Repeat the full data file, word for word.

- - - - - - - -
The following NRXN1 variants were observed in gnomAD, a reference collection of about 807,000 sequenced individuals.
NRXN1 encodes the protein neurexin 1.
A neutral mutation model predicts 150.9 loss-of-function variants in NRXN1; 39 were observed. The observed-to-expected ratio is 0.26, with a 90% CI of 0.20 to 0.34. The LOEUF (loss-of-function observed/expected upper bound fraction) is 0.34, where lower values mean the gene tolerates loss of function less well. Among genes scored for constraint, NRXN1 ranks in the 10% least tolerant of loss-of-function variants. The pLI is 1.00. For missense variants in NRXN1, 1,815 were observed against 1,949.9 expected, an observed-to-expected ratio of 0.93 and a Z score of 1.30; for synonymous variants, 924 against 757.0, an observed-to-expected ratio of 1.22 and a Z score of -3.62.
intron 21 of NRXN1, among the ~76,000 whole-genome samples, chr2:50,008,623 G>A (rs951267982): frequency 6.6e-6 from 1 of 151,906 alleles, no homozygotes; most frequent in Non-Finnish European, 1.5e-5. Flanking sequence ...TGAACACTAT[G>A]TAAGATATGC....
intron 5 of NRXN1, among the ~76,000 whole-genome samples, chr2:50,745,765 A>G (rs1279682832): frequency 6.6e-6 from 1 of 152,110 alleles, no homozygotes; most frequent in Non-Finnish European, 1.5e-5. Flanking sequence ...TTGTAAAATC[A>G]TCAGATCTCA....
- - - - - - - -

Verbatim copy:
The following NRXN1 variants were observed in gnomAD, a reference collection of about 807,000 sequenced individuals.
NRXN1 encodes the protein neurexin 1.
A neutral mutation model predicts 150.9 loss-of-function variants in NRXN1; 39 were observed. The observed-to-expected ratio is 0.26, with a 90% CI of 0.20 to 0.34. The LOEUF (loss-of-function observed/expected upper bound fraction) is 0.34, where lower values mean the gene tolerates loss of function less well. Among genes scored for constraint, NRXN1 ranks in the 10% least tolerant of loss-of-function variants. The pLI is 1.00. For missense variants in NRXN1, 1,815 were observed against 1,949.9 expected, an observed-to-expected ratio of 0.93 and a Z score of 1.30; for synonymous variants, 924 against 757.0, an observed-to-expected ratio of 1.22 and a Z score of -3.62.
intron 21 of NRXN1, among the ~76,000 whole-genome samples, chr2:50,008,623 G>A (rs951267982): frequency 6.6e-6 from 1 of 151,906 alleles, no homozygotes; most frequent in Non-Finnish European, 1.5e-5. Flanking sequence ...TGAACACTAT[G>A]TAAGATATGC....
intron 5 of NRXN1, among the ~76,000 whole-genome samples, chr2:50,745,765 A>G (rs1279682832): frequency 6.6e-6 from 1 of 152,110 alleles, no homozygotes; most frequent in Non-Finnish European, 1.5e-5. Flanking sequence ...TTGTAAAATC[A>G]TCAGATCTCA....